Large meatballs in a lovely, flavorful, white, creamy sauce. A classic!  Definite comfort food!  I served them with roasted vegetables, but this would be good with cauli rice or cauli-mash that has been cooked with very few seasonings – i.e. keep it bland. And add some cooked tender green beans.

2 lbs lean ground beef (0.9 kg)
1/cup Gluten-Free Bake Mix 2, OR SIMPLY (60 mL)
  2 tbsp coconut flour (30 mL)
2 tbsp bacon fat, divided (30 mL)
1 cup chopped onion (250 mL)
2 eggs
2 tsp bottled crushed garlic (10 mL)
11/tsp oregano (7 mL)
1/tsp salt (2 mL)
1/tsp black pepper (2 mL)
White Sauce:
8 oz regular cream cheese (250 g)
1/cup whipping cream (125 mL)
1/cup almond milk (125 mL)
1/cup chicken stock (125 mL)
1 tbsp butter (15 mL)
1 tsp black pepper (5 mL)
1/tsp Dijon mustard (2 mL)
1/tsp salt (1 mL)

In large bowl, place ground beef and Gluten-Free Bake Mix 2, OR coconut flour.  In nonstick frying pan, in 1 tbsp (15 mL) bacon fat and over medium heat, cook onion until soft and browned.  Add to ground beef.  In small bowl, beat eggs with garlic, oregano, salt and black pepper.  Stir into ground beef mixture until well combined.  Pack mixture into a 1/cup measure and form 15 balls. 

In nonstick frying pan in 11/tsp (7 mL) bacon, over medium heat, cook 8 meatballs, turning once well-browned on the one side.  Brown the other side and reduce heat, cooking until meatballs are no longer pink inside.  Repeat with the remaining 7 meatballs.

White Sauce:  In nonstick frying pan, combine cream cheese, whipping cream, almond milk, chicken stock, butter, black pepper, Dijon mustard and salt.  Bring to the boil while stirring, until all is melted and the sauce is smooth.  Add more almond milk if the sauce thickens too much upon standing.  Place meatballs in a 2-qt (2 L) casserole dish and pour the sauce over them and place in a warm oven, if necessary.

Yield:  5 servings
3 meatballs with sauce
568.4 calories
39.2 g protein
41.6 g fat
0.7 g fiber
6.6 g net carbs 



Dr. T. L. Cleave

In 1974, the world was introduced to a book by a British Surgeon Lieutenant in the Royal Navy, named Dr. T. L. "Peter" Cleave, called The Saccharine Disease described by Dr. Atkins as "one of the most important books ever written." Dr. Cleave came to the conclusion that the diseases suffered by modern man are due to the large increase in the consumption of sugar. He makes the case in the book that most of the chronic illnesses we experience today such as obesity, diabetes, hemorrhoids, cavities, and more are all a direct result of the introduction of refined sugar and wheat into the human diet. His work didn't mention the role of high-fructose corn syrup which was barely used at the time but has now become so ubiquitous that it is in virtually every sweet food on the market, especially sugary soda. But we have Dr. Cleave to thank for shining a light of condemnation on the negative impact of refined carbohydrates on our health.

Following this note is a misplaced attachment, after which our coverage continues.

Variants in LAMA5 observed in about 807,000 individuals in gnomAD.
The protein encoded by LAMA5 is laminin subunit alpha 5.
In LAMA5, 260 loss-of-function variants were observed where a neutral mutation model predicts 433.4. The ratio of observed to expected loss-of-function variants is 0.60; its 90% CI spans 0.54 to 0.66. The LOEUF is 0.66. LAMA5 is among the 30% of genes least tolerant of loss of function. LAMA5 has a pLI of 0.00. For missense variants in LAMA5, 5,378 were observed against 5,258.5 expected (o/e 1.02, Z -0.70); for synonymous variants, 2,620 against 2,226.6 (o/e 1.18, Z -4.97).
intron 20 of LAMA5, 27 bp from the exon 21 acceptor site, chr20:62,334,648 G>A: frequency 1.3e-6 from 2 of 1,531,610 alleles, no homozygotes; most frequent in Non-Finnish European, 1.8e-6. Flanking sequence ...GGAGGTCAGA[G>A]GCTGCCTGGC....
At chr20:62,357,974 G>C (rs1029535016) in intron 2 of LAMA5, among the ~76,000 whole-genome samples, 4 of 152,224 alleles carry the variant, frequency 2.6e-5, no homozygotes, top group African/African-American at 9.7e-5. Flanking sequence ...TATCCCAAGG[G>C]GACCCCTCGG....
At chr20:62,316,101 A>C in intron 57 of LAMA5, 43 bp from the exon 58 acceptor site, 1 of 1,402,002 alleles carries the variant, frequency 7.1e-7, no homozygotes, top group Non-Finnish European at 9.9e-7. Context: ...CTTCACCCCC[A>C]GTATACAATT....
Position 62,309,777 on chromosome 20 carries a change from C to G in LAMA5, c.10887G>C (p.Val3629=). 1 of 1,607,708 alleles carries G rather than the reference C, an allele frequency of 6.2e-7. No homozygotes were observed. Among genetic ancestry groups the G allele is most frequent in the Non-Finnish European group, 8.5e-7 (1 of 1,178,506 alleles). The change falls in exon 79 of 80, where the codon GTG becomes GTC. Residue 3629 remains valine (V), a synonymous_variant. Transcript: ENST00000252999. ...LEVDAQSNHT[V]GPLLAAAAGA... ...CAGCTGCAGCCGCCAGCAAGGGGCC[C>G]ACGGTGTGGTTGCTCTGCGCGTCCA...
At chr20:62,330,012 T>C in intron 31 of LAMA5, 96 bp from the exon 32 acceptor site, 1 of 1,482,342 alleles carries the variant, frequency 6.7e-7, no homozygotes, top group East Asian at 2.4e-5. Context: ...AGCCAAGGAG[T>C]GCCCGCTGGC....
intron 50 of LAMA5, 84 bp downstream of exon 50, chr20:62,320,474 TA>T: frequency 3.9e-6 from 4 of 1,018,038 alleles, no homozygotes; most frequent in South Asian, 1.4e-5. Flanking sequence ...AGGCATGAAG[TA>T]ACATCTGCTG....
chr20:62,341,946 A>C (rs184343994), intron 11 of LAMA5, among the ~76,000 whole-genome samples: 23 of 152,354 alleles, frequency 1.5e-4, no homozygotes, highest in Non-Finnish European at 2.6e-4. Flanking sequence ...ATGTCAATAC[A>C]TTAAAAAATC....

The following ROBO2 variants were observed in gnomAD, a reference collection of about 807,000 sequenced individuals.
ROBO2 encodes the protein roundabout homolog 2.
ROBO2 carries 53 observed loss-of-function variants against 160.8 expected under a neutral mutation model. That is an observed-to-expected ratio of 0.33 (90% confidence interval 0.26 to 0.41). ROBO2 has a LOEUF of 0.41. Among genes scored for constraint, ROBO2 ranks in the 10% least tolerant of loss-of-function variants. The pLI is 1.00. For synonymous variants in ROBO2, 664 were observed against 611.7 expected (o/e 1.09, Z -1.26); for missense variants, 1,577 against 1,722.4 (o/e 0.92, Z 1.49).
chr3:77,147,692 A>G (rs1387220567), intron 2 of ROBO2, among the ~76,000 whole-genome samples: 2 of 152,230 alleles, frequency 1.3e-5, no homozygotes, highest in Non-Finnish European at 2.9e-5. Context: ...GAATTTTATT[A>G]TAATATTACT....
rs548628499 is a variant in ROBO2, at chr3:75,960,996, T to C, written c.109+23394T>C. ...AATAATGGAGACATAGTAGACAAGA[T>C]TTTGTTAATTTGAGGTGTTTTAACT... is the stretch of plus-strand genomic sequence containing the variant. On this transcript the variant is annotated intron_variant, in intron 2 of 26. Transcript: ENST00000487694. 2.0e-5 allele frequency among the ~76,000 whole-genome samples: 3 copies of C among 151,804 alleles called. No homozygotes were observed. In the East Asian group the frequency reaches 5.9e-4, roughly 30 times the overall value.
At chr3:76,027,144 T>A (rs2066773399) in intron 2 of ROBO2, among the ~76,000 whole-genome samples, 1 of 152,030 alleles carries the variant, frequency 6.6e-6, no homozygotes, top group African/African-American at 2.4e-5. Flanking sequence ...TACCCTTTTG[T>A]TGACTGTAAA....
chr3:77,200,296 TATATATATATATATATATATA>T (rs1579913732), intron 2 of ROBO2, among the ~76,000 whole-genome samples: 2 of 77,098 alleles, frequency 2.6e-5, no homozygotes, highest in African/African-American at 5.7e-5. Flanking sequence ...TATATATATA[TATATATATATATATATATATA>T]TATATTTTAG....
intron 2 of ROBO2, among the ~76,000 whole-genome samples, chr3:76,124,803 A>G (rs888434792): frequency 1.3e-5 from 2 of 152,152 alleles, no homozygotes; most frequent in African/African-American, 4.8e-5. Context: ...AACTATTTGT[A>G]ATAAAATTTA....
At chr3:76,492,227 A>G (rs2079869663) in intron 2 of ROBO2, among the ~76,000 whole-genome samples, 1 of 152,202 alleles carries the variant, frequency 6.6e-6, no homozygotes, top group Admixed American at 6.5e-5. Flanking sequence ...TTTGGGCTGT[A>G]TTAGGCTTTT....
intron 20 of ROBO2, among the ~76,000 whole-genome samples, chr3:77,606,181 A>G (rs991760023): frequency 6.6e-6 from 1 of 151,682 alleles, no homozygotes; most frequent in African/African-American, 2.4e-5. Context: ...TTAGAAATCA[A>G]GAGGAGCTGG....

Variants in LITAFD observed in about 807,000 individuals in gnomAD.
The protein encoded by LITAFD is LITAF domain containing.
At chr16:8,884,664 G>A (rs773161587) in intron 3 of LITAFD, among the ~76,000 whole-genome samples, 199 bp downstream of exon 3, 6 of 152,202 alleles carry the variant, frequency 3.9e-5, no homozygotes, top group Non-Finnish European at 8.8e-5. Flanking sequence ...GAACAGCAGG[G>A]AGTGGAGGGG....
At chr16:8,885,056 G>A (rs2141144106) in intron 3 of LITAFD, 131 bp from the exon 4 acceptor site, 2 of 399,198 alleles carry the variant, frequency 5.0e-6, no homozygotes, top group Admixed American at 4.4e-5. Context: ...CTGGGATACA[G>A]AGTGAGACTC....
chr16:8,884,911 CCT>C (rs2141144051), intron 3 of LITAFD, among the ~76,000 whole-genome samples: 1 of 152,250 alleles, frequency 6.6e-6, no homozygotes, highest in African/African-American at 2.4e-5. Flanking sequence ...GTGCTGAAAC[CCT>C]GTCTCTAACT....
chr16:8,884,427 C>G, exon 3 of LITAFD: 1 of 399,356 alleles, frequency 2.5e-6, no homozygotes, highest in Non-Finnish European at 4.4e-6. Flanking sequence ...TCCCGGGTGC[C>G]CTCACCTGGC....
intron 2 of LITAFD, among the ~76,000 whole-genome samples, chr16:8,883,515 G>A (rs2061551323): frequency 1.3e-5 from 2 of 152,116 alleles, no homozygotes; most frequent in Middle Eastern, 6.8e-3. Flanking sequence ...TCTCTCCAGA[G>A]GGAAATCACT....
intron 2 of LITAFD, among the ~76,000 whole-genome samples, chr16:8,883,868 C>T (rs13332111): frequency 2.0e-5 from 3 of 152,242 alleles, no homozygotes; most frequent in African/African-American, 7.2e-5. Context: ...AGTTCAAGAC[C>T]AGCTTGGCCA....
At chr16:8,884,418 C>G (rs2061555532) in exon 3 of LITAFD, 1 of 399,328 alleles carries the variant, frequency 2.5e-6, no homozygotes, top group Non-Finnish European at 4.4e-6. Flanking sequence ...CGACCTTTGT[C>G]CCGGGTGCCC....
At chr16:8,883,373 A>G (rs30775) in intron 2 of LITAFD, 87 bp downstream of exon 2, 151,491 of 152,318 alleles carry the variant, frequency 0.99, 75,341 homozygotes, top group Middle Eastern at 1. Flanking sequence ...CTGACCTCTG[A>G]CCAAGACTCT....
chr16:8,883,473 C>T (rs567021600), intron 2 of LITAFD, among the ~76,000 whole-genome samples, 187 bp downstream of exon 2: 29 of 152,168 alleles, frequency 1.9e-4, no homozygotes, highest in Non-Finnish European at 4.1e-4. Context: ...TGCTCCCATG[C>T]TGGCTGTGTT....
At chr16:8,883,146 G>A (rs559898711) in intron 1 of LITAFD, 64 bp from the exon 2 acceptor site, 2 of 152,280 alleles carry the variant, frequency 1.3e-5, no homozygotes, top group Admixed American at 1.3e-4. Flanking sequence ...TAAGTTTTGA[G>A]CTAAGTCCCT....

Dr. Herman Tarnower

In 1978, a New York state cardiologist, named Dr. Herman Tarnower, published a book about the diet he was using in his medical practice called The Complete Scarsdale Medical Diet. He had been passing out a two-page handout to his patients desiring weight loss for nearly a quarter century when some friends from the publishing world encouraged him to write a book about what he was doing to piggyback on the success seen by Dr. Atkins and his low-carb diet. Dr. Tarnower was later famously quoted in the medical journal Behavioral Medicine as saying, "If you don’t have a routine written out that you can give to patients with common disorders, it will destroy you. You try to go over all the instructions with each patient, but no physician has that much patience." Quickly after releasing his book, it became a national bestseller going through 21 printings in the first ten months of publication and was the #2 best-selling book of the year in 1979 boosted by a feature story in the fashion magazine Vogue just as they had done for Dr. Atkins. Dr. Tarnower was tragically shot and killed in 1980 which brought even more attention to his diet because of the salacious details surrounding his death. The diet itself focused in on a very low-calorie nutritional intake with a heavy emphasis on protein and moderate amounts of fat and carbohydrates. As a means to an end in producing rapid weight loss, dieters were meant to cycle on and off the 700-1000 calories a day plan every 7-14 days to experience the best results. Like other low-carb, low-fat diet plans, there were concerns with health problems as well as sustainability due to hunger and dissatisfaction with the food choices. Because of the extreme positions on caloric intake, the Scarsdale diet is generally viewed upon as an ineffective, long-term weight management solution.

Modern-day Low-Carb Advocates

With all of these pioneers of the low-carb lifestyle leading into modern times, it's very easy to see that this way of eating cannot be described as anything close to being a fad diet. As you can see from this history of how low-carbohydrate diets have developed over the years, there are plenty of variations that provide ample options for people to try for themselves. Some people are able to tolerate more carbs in their diet than others and that's the beauty of this way of eating. Sustainability over the long haul is the hallmark of living the low-carb life. And there are a lot of people who have dedicated their lives to helping others implement the low-carb strategy into their own lives for improving weight and health through books, documentaries, podcasts, blogs and more.